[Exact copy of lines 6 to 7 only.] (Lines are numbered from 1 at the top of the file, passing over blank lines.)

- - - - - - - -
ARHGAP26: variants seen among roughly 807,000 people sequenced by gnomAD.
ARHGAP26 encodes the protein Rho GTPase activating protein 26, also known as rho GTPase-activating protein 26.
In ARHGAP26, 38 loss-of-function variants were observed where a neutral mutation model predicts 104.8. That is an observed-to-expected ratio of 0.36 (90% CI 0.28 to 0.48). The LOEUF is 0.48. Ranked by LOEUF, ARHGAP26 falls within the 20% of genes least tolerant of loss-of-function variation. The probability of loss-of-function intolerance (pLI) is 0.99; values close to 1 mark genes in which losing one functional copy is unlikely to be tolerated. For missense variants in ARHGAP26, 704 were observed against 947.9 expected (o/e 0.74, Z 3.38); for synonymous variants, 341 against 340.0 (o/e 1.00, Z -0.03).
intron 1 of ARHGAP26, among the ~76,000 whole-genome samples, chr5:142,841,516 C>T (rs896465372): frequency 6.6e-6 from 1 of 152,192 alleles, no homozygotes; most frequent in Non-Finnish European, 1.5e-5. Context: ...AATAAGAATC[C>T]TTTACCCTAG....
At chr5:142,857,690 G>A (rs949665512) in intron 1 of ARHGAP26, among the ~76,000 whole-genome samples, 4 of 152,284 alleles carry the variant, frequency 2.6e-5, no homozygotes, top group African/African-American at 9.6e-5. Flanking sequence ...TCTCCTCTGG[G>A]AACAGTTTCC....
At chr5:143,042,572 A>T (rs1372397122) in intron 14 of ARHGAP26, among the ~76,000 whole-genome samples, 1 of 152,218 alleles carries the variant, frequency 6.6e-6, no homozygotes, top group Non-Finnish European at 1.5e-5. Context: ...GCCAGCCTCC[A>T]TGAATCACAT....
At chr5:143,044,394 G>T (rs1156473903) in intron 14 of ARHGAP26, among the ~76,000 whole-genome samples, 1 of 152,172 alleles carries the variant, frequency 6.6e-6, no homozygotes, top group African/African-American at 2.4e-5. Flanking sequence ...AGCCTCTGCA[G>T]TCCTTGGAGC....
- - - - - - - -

At chr5:143,042,572 A>T (rs1372397122) in intron 14 of ARHGAP26, among the ~76,000 whole-genome samples, 1 of 152,218 alleles carries the variant, frequency 6.6e-6, no homozygotes, top group Non-Finnish European at 1.5e-5. Context: ...GCCAGCCTCC[A>T]TGAATCACAT....
At chr5:143,044,394 G>T (rs1156473903) in intron 14 of ARHGAP26, among the ~76,000 whole-genome samples, 1 of 152,172 alleles carries the variant, frequency 6.6e-6, no homozygotes, top group African/African-American at 2.4e-5. Flanking sequence ...AGCCTCTGCA[G>T]TCCTTGGAGC....